Sweets and Snacks
Limit amounts eaten, especially if you are trying to control your weight.

•   Choose sweets and snack foods that are lower in fat. Look for low-fat snack
    foods with 2 grams of fat or less per serving, such as pretzels and low-fat
•   Fat-free sweets / desserts include popsicles, fudge pops, flavored gelatin, hard candies
    and jelly beans, Italian ices, Angel Food cake, and other fat-free commercial desserts.
•   Many recipes can be modified to decrease their fat and saturated fat content. Make
    pudding or custard with skim milk and egg whites, bake with one of the cholesterol-free egg
    substitutes, and replace about half of the fat in cookie recipes with applesauce or non-fat

                                                                                      TLC DIET

Other Diet Options

Dietary Fiber
Try to consume 20 to 30 grams of dietary fiber per day, with special
emphasis on increasing soluble fiber intake.

Fiber refers to natural substances in food that are not digested and contribute to bulk and stool
output. They serve many functions, and are generally considered a healthful addition to a diet.
Soluble fiber dissolves into a gel-like substance in the intestines which helps to block
cholesterol and fats from being absorbed. Soluble fiber can help lower your cholesterol level
by about 5%. Most Americans consume only around 10 grams of dietary fiber daily.
 To increase your fiber intake:
   • Eat whole grain breads and cereals. Oatmeal is particularly high in soluble fiber.
   • Eat at least 5 servings of whole fruits and vegetables (especially beans) per day. Most
       juices do not contain fiber or contain limited amounts of fiber.
   • Eat skins on foods such as baked potatoes.

Plant Sterols
Consider adding foods containing plant stanols and sterols to your diet.

Plant sterols or stanols are natural substances found in many plants, especially tall pine-tree
oils. They help block the absorption of cholesterol from the digestive tract. Research suggests
that consuming 2 grams of plant sterols per day may lower LDL cholesterol levels by 5-15%.

Some food manufacturers are now marketing spreads containing these substances that can be
used in place of traditional margarines. They may also be added to other foods, like orange
juice. Both the National Heart Lung and Blood Institute and the American Heart Association
recommend the use of plant stanols/sterols for lowering LDL-cholesterol.
Read labels to find out if a food provides plant sterols or stanols.


Physical Activity
Aim for at least 30 minutes of moderate physical activity every day.
Walking is a great way to get started!

                                                                                                 TLC DIET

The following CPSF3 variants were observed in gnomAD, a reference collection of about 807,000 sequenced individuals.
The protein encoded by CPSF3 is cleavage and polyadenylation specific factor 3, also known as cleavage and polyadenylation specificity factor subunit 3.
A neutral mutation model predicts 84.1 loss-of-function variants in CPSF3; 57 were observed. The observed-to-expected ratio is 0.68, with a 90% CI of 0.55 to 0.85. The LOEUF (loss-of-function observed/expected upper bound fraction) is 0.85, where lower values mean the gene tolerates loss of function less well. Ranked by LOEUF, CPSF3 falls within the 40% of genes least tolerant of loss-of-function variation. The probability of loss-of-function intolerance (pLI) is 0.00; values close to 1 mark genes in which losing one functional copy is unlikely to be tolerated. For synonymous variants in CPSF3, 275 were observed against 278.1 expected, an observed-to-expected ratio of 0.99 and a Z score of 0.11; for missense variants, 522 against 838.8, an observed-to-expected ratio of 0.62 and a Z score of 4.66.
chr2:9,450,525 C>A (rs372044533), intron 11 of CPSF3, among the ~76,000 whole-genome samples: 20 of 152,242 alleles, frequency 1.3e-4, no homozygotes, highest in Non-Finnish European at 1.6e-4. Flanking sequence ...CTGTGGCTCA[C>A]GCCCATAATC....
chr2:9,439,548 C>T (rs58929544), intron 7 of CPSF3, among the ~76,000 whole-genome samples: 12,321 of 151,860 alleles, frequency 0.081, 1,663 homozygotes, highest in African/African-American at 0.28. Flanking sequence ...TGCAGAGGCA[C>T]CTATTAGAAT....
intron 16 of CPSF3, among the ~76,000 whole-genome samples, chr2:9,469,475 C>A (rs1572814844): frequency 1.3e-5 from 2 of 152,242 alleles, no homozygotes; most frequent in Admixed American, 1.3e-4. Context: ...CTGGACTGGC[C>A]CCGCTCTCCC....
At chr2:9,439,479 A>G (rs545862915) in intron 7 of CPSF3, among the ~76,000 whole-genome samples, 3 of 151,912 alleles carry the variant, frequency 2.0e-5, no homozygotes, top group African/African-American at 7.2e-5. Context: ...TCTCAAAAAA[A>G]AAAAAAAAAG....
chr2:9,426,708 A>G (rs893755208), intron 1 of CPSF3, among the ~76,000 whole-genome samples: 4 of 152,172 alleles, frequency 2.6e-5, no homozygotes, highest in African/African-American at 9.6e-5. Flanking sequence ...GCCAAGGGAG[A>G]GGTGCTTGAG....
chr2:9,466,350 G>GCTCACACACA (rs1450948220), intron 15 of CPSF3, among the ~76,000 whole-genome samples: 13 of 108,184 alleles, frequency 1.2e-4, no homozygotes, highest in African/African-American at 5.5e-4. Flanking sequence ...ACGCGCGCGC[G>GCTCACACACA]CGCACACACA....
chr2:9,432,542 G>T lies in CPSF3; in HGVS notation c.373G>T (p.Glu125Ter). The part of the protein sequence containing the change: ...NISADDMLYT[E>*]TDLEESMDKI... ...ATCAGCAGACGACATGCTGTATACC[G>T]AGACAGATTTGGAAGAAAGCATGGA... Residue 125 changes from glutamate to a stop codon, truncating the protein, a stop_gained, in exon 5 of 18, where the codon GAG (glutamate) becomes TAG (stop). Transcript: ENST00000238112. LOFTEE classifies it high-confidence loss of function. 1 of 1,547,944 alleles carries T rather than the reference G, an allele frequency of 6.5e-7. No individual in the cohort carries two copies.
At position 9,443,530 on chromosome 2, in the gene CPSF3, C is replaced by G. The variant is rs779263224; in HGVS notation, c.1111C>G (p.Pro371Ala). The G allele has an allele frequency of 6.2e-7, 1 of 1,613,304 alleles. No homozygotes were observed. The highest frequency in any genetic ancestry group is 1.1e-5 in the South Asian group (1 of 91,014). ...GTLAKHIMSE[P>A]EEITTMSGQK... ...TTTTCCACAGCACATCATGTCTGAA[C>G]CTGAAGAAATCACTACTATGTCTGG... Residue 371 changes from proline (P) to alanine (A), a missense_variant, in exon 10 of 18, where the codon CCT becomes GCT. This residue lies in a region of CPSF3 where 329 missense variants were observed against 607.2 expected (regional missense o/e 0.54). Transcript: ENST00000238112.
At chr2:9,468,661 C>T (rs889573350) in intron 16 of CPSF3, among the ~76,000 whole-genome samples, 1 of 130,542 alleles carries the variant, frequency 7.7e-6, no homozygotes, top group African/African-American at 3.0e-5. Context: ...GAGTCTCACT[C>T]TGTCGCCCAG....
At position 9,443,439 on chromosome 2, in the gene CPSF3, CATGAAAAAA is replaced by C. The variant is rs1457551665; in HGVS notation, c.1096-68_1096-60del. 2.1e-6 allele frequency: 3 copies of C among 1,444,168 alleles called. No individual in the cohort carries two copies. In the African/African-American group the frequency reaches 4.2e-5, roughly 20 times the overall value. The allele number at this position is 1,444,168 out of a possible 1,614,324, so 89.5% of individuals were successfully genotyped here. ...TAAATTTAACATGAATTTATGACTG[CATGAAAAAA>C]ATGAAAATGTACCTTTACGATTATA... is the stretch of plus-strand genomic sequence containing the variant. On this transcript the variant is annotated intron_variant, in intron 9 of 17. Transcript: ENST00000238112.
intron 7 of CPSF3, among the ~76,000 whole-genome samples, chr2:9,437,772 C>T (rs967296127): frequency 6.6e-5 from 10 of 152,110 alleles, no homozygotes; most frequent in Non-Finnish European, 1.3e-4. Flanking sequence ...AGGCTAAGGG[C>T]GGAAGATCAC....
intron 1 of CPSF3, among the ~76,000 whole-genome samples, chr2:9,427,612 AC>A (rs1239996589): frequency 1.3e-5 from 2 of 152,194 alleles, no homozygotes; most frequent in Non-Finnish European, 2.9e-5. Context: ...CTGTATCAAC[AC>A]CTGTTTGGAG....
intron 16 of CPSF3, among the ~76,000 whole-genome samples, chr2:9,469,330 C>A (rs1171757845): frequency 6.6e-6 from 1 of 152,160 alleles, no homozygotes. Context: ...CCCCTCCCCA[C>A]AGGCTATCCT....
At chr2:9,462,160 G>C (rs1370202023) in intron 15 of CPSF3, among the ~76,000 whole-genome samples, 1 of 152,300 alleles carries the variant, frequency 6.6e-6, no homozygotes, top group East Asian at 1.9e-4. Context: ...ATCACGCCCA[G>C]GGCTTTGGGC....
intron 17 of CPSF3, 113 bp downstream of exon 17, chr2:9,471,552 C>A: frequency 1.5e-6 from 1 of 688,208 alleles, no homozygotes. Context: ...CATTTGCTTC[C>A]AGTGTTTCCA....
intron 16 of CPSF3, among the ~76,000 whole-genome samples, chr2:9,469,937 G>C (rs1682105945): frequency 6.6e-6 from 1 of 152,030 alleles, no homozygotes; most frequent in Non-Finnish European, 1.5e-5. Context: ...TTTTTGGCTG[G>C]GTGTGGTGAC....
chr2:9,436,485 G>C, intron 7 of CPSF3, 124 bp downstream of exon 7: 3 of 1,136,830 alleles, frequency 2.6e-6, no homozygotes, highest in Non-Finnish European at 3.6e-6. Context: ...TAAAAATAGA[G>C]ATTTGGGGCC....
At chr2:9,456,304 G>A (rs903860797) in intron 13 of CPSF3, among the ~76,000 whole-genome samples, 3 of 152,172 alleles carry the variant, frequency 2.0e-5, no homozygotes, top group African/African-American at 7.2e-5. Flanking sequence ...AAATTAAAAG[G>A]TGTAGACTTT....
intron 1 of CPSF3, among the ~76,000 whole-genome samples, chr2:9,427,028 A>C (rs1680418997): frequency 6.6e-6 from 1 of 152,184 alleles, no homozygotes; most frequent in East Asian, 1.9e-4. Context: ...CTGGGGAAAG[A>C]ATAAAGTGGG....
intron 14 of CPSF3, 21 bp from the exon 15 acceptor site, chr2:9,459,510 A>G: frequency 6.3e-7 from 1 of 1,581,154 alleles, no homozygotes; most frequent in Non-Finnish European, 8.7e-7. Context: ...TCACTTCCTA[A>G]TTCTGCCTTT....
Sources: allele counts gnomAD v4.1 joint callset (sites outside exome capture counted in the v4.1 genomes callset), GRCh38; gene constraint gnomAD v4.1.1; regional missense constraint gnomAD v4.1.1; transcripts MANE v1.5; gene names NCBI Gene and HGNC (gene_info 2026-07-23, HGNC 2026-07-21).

SATURATED FAT [and trans fats]                        < 7% of calories
TOTAL FAT                                             25 to 35% of calories*
SOLUBLE FIBER                                         20 to 30 grams per day
PLANT STEROLS                                         2 grams per day
CHOLESTEROL                                           < 200 mg per day
SODIUM                                                2400 milligrams a day or less
TOTAL CALORIES (ENERGY)                               Balance energy intake and energy expenditure
                                                      to maintain a desirable body weight and
                                                      prevent weight gain

* A higher total fat intake (up to 35% of calories from fat) may help to reduce triglycerides and raise
HDL cholesterol levels in some people. If fat is increased to 35% of calories, it is very important to limit
both saturated and trans fats.

Use the Nutrition Facts Labels on Foods

 Nutrition labels list total fat, saturated fat, and trans fat in grams. The following chart tells you
how many grams will meet the recommendations for various calorie levels.

       CALORIE                  Total Daily Fat (grams)            Daily Saturated + trans Fats
       LEVEL                        providing                        (grams) providing ≤ 7%
                                25 - 35% of calories                     of calories

          1200                            35-45                                   9
          1500                            40-55                                  12
          1800                            50-70                                  14
          2000                            55-75                                  15
          2200                            60-85                                  17
          2400                            65-90                                  19

                                              Prepared by the Nutrition Department, NIH Clinical Center 12/06